Despite its name, home automation really hasn't been all that automated. There might be motorized draperies (yes, they open and close without pulling the string) or a front-door lock that you can activate wirelessly — for instance, from a smartphone.
But these devices didn't work together. Each had its own controls, and they might not even have used compatible wireless technologies. Such gadgets may be good for hobbyists who geek out over putting motors in things, but not for regular folks.
Now, several companies are trying to make home automation easy by creating technologies that allow software and services that connect the disparate gadgets and get them to perform several tasks together — such as opening the front door, turning on the lights and firing up the stereo when you pull into the driveway.
One of those companies is a startup called Revolv. The company makes a single small box, called a hardware hub, which is designed to control all the devices in a home, whether they use common wireless technologies, such as Wi-Fi or Bluetooth, or relatively obscure ones, such as ZigBee or Z-Wave.
"Our hardware hub has seven different radios,” said Revolv co-founder Mike Soucie. "It can talk to all these devices, depending on what language they speak." This could include thermostats, locks, security cameras, garage-door openers and even those automated drapes.
One neat feature on the hardware hub is its ability to use a single smartphone app in place of the individual apps for each connected device, such as a wireless lock or a Sonos streaming music player.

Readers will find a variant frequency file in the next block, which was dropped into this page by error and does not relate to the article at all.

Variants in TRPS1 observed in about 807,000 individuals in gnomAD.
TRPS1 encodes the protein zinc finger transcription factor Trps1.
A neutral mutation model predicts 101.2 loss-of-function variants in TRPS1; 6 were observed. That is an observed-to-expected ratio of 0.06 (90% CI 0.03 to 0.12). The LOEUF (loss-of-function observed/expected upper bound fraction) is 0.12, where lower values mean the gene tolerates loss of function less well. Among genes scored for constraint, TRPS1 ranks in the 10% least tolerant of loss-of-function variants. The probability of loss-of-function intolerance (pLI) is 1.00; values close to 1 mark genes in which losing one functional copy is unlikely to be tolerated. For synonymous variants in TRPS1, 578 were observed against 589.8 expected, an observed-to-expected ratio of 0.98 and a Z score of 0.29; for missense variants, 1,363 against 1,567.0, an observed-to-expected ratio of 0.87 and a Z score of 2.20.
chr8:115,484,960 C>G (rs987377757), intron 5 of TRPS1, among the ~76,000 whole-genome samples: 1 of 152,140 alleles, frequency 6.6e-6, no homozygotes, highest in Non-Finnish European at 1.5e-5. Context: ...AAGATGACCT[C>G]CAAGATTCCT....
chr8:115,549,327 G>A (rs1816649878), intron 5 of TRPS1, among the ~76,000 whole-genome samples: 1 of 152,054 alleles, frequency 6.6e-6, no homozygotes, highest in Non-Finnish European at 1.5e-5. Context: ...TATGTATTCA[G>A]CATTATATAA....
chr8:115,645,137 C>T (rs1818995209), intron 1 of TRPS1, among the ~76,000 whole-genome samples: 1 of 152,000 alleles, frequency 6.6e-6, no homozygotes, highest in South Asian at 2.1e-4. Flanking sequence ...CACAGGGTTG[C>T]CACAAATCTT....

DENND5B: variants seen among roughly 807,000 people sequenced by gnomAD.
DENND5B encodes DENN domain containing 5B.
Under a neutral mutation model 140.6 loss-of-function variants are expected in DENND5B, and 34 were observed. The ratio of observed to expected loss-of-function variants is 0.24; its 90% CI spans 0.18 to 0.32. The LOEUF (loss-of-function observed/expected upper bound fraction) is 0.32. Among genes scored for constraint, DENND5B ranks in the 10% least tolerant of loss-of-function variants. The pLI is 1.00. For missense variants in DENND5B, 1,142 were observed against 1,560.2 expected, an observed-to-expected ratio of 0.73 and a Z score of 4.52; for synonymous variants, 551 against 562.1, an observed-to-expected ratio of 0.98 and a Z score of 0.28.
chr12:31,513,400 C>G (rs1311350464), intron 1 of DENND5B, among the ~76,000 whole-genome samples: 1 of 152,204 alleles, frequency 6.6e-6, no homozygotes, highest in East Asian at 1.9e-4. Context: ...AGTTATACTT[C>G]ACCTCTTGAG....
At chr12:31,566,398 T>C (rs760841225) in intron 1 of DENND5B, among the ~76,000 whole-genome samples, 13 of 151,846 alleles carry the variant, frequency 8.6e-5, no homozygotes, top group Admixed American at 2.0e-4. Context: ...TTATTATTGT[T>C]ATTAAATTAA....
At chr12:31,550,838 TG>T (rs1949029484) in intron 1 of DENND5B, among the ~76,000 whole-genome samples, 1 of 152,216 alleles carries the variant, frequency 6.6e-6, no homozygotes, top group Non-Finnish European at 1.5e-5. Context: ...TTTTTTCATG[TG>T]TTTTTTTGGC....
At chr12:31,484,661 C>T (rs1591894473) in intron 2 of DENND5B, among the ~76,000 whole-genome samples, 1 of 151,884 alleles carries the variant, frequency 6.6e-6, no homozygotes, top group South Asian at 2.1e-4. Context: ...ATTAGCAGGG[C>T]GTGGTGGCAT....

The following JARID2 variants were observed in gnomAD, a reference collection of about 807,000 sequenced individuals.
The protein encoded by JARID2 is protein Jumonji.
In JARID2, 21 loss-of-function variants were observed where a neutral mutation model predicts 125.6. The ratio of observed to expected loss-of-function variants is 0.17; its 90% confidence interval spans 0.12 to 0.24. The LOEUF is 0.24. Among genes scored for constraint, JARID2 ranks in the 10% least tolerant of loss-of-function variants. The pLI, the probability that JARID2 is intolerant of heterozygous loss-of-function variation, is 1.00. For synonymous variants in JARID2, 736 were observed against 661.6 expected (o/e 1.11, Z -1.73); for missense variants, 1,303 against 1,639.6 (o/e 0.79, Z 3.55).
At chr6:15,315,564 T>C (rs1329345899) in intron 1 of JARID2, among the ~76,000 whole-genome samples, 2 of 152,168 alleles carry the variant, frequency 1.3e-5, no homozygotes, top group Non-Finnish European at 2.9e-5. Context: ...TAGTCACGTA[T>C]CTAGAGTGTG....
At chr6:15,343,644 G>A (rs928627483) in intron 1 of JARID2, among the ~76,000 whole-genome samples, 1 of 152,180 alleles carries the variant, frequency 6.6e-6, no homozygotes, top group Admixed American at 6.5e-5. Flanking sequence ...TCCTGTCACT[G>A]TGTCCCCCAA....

But Revolv takes its hardware hub one step further by incorporating Geosense technology. Through the home Wi-Fi network, the hardware hub connects to the company's cloud service to automate tasks based on your location.
For example, consider your drive home. Using Revolv's app, your smartphone transmits its location to the cloud service. When you reach a certain distance from your home, it sends a signal to turn up the heat, even tapping into online weather data to determine how long it will take to bring up the inside temperature, Soucie explained.
Then, as you pull up, it opens the locks and turns on the lights and music — and you haven't even pressed any buttons on the smartphone app. "Three things happen, all with your smartphone [still] in your pocket," said Soucie. "You walk in the door with groceries, [and] you don't have to fumble in the dark anymore." [See video of how Revolv works ]
Revolv will make the hardware hub available to consumers beginning in the fall. The company hasn't yet said how much the hardware hub or cloud service will cost.
Ninja Blocks automates automation
Not every company can build a complete automation system from scratch as Revolv has done. Another startup, called Ninja Blocks, is trying to make the process easier by providing the software and online services that small companies can simply plug into. "It enables hardware people to make interesting devices and software people to make interesting services," said founder Pete Moore." [See also: Why Cloud Computing Is Hazy for Many Americans ]
"You won't buy this technology from us," said Moore. "You'll buy it from somebody that's integrated our technology, and it will make their app cheaper and better."
Moore demonstrated a drag-and-drop system that device makers and service providers can utilize to make automated services. For example, he dragged an icon of a button onto a timeline and dragged next to it a camera icon and then an icon for the cloud storage service Dropbox. When Moore pushed a button on a remote control, a security camera took a photo of him and uploaded it to his Dropbox account. That may not be the most useful scenario, but it demonstrated how easily a small developer could set up services for customers.
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